Molly was invited to participate in a number of events when Her Majesty Queen Elizabeth ll was in Fredericton for a few days in 1976, a stopover en route to Canada's Olympic Games held in Montreal and in which Princess Anne was a competitor in a few equestrian events. The result was an excellent exhibition, The Queen Comes To New Brunswick: Paintings and Drawings by Molly Lamb Bobak, a presentation which was shown at five public galleries. I think that Molly had promised us some 15 works that were included in that show. As it moved from one venue, admirers of her work asked Molly if they could purchase one. By the time the tour finished we were left with few if any at all. Characteristically Molly, she generously supplied us with a number of very fine paintings that she had been working on.
Walking about Fredericton’s Saturday market place with Molly, all the merchants acknowledged Molly with a welcoming wave. Characteristically, Molly would reciprocate, addressing many as “Dearie”. New Brunswick’s Harrison and Marion (“Billie'') McCain family were enthusiastic sponsors of Molly. We think that it is accurate to say that Mrs. McCain was a particularly strong advocate of the fine arts in New Brunswick and throughout the Maritimes.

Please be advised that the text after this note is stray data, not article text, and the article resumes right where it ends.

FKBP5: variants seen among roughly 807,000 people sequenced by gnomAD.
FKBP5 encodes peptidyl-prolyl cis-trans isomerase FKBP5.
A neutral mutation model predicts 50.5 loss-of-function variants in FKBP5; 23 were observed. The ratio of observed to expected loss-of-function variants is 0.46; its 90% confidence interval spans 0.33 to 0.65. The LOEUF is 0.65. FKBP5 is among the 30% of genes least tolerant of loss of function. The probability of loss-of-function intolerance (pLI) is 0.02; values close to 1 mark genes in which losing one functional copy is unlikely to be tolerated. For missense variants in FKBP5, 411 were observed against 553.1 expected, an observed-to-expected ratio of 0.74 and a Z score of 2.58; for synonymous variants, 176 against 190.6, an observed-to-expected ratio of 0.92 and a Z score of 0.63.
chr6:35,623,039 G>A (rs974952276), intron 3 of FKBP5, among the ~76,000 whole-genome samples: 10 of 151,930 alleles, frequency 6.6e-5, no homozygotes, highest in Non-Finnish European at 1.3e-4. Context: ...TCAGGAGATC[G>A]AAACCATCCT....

In brief, Molly was born near Vancouver, British Columbia on February 25, 1920, the daughter of an influential art critic Harold Mortimer Lamb. In 1942 she joined the Canadian Women's Army Corps (C.W.A.C.) where she gained the rank of lieutenant. With the political intervention of A.Y. Jackson she was the first woman appointed an Official War Artist with the Canadian Army. She went overseas in 1945. In 1945 she married Bruno Bobak, himself an outstanding artist and an Official War Artist for Canada in World War ll.
From the late 1940s, B.C. was their home, first Galiano Island and then Vancouver proper where Molly taught at the Vancouver School of Art. After a year in Europe in 1960-61 on a Canada Council Fellowship, and when Goodridge Roberts was leaving his position as Artist in Residence at University of New Brunswick, Bruno Bobak was offered and accepted the position. The couple moved to Fredeircton, which became their permanent home. Molly taught a large number of workshops around the country and regularly visited their daughter, Annie, who lived out on Galiano Island. Molly Lamb Bobak was awarded an Honorary Doctorate of Fine Arts from Mount Allison University, followed by an Honorary Doctorate of Law from University of New Brunswick, and was appointed a Member of the Order of Canada and Order of New Brunswick
On March 2nd, 2014 Canada lost a truly great artist, a great Canadian and a wonderful human being.